On the utilization of mica waste: the pore-fluid chemistry of mica soils and its implication for erosion susceptibility

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Abstract

Soil is a vital resource which is limited in availability and must be adequately managed for sustainable development. Despite the importance of soil and its limited availability, a huge amount of soil is classified as waste. As one of the world’s largest soil waste generators, the mining industry must transition to a circular economy model to meet sustainability requirements. As a readily available, large-volume waste material (about 10 million tonnes each year), waste mica has been considered for re-use as an alternative soil potassium source for plants, as landscaping material etc. One of the problems with mica waste is its susceptibility to erosion. To use mica as an agricultural or landscaping material, it is therefore important to understand the erodibility of mica and how its erodibility can be reduced. This study presents an experimental campaign to characterize mica erosion susceptibility. Mica particle-to-particle interaction forces and their effect on the macroscopic material behaviour were systematically investigated by changing pore fluid pH and ionic concentration. Sedimentation and liquid limit tests were first carried out to inform a conceptual model of the mica fabric. Triplets of 12 mica samples, compacted at different water contents and with different pore chemistry, were tested for erosion susceptibility using a Jet Erosion Test (JET) apparatus. The particle configuration of mica samples consistently varied with the pore water chemistry, regardless of whether the samples being tested were suspension sediments or compacted samples. For mica samples formed with neutral water at low ionic concentration, the particles are in a dispersed configuration. This implies a poor mechanical behaviour and high erosion susceptibility, as particles are eroded one by one. For porewater samples formed with an increased ionic strength or within the acidic pH range, particles tend to cluster together and organize in a non-dispersed configuration. This results in an improved mechanical behaviour and less erosion susceptibility, as group of particles must be eroded as opposed to individual ones. Similarly, the Jet erosion test results reinforced these observations showing that mica erodibility varies with porewater chemistry. Considering that mica erodibility varies with pore fluid chemistry and mica waste derived from mining operations are often slightly acidic, this paper paves the way for tailored assessments of individual mica waste materials to determine the appropriateness of their use.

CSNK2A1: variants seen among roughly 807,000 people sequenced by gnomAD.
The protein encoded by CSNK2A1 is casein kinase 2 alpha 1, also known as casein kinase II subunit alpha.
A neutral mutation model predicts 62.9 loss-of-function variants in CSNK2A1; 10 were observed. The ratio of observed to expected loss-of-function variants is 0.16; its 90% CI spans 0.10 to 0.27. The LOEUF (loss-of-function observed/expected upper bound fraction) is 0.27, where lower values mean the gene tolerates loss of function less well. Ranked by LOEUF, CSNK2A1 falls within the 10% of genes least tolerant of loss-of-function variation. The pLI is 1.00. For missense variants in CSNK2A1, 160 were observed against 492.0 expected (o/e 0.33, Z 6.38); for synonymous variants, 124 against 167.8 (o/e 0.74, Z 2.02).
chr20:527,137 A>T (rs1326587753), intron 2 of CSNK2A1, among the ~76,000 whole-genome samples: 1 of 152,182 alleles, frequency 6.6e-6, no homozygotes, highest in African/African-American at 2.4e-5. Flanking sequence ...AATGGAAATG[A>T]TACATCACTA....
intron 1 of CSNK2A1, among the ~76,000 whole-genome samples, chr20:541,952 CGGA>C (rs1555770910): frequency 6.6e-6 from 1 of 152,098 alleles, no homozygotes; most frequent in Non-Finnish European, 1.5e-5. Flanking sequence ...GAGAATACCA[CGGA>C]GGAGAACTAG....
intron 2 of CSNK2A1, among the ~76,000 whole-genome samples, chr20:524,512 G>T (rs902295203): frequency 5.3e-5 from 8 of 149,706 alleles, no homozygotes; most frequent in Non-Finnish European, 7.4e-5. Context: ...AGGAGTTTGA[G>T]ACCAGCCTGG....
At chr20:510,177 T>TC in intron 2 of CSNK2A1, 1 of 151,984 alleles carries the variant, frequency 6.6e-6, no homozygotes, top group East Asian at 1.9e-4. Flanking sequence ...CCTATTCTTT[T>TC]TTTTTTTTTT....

Original languageEnglish
Number of pages34
JournalGeoderma
Publication statusAccepted/In press - 24 May 2021

Keywords

  • mica soil
  • erosion
  • sedimentation
  • pore-fluid-chemistry
  • jet erosion test
  • circular economy

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